Please, please, we warned you to keep your mind out of these Terrorism act and leave alone ICC prosecutors to act promptly and appropriately on Darfur genocide. Get survive with your family with money you got from Bashir and the wrong elements who were behind the atrocities in Darfur or else you will face a tremendous nightmares wherever you go eventhough you hide your self in Western World countries.

      Mabor Yiel,

      SudanTribune reader.

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  • 13 June 2008 09:45, by sudani

    Dear Mr. Alex De waal & Ms. Julie Flint

    It seems that all the world want you both to write just what THEY want.

    Please you have to continue writing your opinion , without prejudice .
    It is very clear that the film of Ahmed Haroun & Ali kushieb is a well fabricated & directed film , otherwise they could have shown their faces to every body .
    Please continue your very courageous articles & let’s hope that a logical mind might listen & think .

    Thanks to you , your voice is a light in the dark .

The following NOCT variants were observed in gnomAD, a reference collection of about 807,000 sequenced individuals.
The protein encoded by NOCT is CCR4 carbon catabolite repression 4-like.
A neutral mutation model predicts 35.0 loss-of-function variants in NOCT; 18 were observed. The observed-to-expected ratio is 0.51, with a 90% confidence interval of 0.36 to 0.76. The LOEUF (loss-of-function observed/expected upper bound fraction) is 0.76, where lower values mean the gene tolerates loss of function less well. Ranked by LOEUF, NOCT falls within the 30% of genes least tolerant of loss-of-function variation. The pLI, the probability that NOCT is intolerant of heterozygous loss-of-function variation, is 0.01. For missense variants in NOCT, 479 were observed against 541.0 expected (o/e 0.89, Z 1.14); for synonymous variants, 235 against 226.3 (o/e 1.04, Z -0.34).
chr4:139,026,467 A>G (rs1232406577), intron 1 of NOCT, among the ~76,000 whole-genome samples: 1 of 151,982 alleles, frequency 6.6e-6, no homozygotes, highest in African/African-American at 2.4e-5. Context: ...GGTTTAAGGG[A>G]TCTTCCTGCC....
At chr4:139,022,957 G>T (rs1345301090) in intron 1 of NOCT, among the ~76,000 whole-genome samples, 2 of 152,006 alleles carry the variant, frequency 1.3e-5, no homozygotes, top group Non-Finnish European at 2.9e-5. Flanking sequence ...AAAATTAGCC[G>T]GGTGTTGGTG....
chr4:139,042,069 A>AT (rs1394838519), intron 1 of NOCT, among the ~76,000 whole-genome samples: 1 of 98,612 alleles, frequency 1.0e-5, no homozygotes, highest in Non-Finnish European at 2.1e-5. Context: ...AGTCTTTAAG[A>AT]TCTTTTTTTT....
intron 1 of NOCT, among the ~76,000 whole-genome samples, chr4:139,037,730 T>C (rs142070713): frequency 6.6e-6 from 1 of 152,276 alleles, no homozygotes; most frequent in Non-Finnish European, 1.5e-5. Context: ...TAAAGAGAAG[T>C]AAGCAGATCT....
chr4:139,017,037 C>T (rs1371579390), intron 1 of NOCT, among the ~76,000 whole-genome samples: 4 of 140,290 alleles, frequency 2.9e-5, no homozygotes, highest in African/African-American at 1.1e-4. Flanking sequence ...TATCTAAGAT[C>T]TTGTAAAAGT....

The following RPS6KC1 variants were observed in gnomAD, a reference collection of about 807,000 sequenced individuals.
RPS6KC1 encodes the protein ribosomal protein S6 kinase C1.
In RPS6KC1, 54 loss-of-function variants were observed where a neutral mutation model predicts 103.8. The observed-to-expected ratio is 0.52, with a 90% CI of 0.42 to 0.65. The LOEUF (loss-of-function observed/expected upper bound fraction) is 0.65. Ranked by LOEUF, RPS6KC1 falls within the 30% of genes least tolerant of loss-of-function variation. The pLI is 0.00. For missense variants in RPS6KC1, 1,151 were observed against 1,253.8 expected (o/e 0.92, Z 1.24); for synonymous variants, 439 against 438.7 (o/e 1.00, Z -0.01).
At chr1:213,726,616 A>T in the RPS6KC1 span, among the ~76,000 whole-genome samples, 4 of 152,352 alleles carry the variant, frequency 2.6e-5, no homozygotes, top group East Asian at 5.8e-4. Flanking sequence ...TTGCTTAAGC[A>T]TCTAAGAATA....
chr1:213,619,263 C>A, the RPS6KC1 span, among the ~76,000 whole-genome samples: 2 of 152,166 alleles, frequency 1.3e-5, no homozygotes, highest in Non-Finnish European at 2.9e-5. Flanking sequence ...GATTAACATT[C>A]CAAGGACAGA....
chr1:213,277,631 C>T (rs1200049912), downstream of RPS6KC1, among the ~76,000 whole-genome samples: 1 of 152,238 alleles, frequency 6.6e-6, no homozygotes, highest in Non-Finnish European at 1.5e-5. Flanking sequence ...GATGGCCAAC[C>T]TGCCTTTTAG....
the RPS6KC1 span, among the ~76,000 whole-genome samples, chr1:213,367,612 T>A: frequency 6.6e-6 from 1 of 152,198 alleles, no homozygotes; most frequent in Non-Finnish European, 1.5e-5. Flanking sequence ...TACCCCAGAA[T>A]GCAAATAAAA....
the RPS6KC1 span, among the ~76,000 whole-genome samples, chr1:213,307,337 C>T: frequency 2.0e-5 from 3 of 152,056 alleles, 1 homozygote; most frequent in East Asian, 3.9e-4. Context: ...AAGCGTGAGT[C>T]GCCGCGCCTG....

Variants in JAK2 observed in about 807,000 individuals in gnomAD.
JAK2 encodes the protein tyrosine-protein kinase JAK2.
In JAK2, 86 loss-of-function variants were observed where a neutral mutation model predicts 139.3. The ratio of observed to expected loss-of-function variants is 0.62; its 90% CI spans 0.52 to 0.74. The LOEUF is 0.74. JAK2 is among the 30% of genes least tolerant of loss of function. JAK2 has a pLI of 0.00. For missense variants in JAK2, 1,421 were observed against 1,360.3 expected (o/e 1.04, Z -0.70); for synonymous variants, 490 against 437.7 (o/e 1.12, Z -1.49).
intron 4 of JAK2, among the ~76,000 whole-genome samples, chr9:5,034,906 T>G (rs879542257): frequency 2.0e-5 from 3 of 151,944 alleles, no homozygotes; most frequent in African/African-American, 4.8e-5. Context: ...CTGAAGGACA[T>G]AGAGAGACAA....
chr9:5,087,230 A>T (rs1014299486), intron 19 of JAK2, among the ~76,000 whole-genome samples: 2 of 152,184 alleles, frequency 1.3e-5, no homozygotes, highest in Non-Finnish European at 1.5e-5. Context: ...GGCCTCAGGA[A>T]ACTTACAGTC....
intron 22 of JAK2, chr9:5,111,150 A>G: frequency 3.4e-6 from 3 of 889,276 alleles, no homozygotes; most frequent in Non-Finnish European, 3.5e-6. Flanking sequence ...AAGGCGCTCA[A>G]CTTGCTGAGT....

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    • 28 April 2010 11:28, by kardelen133

      A Stupid man like Beshir saç ekimi saç ekimi beleives that his terrorist religion has taken a
      total control saç ekimi of Sudan,but i want to warn that soon nor later if Sudan comes
      to its orgines saç ekimi some will cry with green tears instead of white,such crazy
      politics of an ankara evden eve ankara evden eve idiotic man like Beshir will never get to rest 1000 of years,
      just let him do ankara nakliye
      because a stupid child born by stupid parents always act like
      his background this is saç ekimi
      open that a chicken saç ekimi
      cannot produce a duck or a ankara evden eve nakliyat
      goat to
      sheep.Should Beshir keep evden eve nakliyat
      adding more fuel as the backet is full already,the consqueneces
      will be more worst than ever.just lets ankara evden eve nakliyat
      live and GOD is great to all our long suffering.
      because i never see a fucking son of bitch spending 250 million against his people simple
      a single man,while thousand are ankara evden eve nakliyat
      starving,dying lack of medicines and etc.Saç ekimi ve evden eve nakliyat ankara üzerine bilgiler.

      repondre message